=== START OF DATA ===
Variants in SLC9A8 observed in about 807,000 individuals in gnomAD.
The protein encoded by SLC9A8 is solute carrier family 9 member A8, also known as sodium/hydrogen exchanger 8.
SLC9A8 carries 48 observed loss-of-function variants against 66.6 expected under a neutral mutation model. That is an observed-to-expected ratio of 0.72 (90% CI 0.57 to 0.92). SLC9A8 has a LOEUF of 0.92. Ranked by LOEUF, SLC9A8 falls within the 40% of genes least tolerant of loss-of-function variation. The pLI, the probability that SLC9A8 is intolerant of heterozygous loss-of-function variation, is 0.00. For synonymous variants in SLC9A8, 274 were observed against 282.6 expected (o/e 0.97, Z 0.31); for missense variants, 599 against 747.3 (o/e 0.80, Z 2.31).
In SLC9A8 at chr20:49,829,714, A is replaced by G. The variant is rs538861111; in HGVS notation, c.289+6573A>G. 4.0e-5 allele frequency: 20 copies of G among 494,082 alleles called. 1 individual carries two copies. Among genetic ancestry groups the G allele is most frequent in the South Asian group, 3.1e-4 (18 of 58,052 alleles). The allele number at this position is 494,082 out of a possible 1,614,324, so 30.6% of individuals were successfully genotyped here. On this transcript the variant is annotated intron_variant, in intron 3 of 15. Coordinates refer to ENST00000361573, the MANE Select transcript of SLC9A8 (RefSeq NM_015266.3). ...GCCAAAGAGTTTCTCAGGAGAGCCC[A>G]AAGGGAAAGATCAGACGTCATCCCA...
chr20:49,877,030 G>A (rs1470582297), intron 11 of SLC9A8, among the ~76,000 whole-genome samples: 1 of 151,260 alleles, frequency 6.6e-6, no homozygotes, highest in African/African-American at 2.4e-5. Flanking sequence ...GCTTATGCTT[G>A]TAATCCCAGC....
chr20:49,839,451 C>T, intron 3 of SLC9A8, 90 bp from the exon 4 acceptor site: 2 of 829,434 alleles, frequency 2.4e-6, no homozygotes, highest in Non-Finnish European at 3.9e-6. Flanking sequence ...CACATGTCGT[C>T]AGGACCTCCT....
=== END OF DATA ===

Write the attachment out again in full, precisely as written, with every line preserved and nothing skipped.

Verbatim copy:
Variants in SLC9A8 observed in about 807,000 individuals in gnomAD.
The protein encoded by SLC9A8 is solute carrier family 9 member A8, also known as sodium/hydrogen exchanger 8.
SLC9A8 carries 48 observed loss-of-function variants against 66.6 expected under a neutral mutation model. That is an observed-to-expected ratio of 0.72 (90% CI 0.57 to 0.92). SLC9A8 has a LOEUF of 0.92. Ranked by LOEUF, SLC9A8 falls within the 40% of genes least tolerant of loss-of-function variation. The pLI, the probability that SLC9A8 is intolerant of heterozygous loss-of-function variation, is 0.00. For synonymous variants in SLC9A8, 274 were observed against 282.6 expected (o/e 0.97, Z 0.31); for missense variants, 599 against 747.3 (o/e 0.80, Z 2.31).
In SLC9A8 at chr20:49,829,714, A is replaced by G. The variant is rs538861111; in HGVS notation, c.289+6573A>G. 4.0e-5 allele frequency: 20 copies of G among 494,082 alleles called. 1 individual carries two copies. Among genetic ancestry groups the G allele is most frequent in the South Asian group, 3.1e-4 (18 of 58,052 alleles). The allele number at this position is 494,082 out of a possible 1,614,324, so 30.6% of individuals were successfully genotyped here. On this transcript the variant is annotated intron_variant, in intron 3 of 15. Coordinates refer to ENST00000361573, the MANE Select transcript of SLC9A8 (RefSeq NM_015266.3). ...GCCAAAGAGTTTCTCAGGAGAGCCC[A>G]AAGGGAAAGATCAGACGTCATCCCA...
chr20:49,877,030 G>A (rs1470582297), intron 11 of SLC9A8, among the ~76,000 whole-genome samples: 1 of 151,260 alleles, frequency 6.6e-6, no homozygotes, highest in African/African-American at 2.4e-5. Flanking sequence ...GCTTATGCTT[G>A]TAATCCCAGC....
chr20:49,839,451 C>T, intron 3 of SLC9A8, 90 bp from the exon 4 acceptor site: 2 of 829,434 alleles, frequency 2.4e-6, no homozygotes, highest in Non-Finnish European at 3.9e-6. Flanking sequence ...CACATGTCGT[C>T]AGGACCTCCT....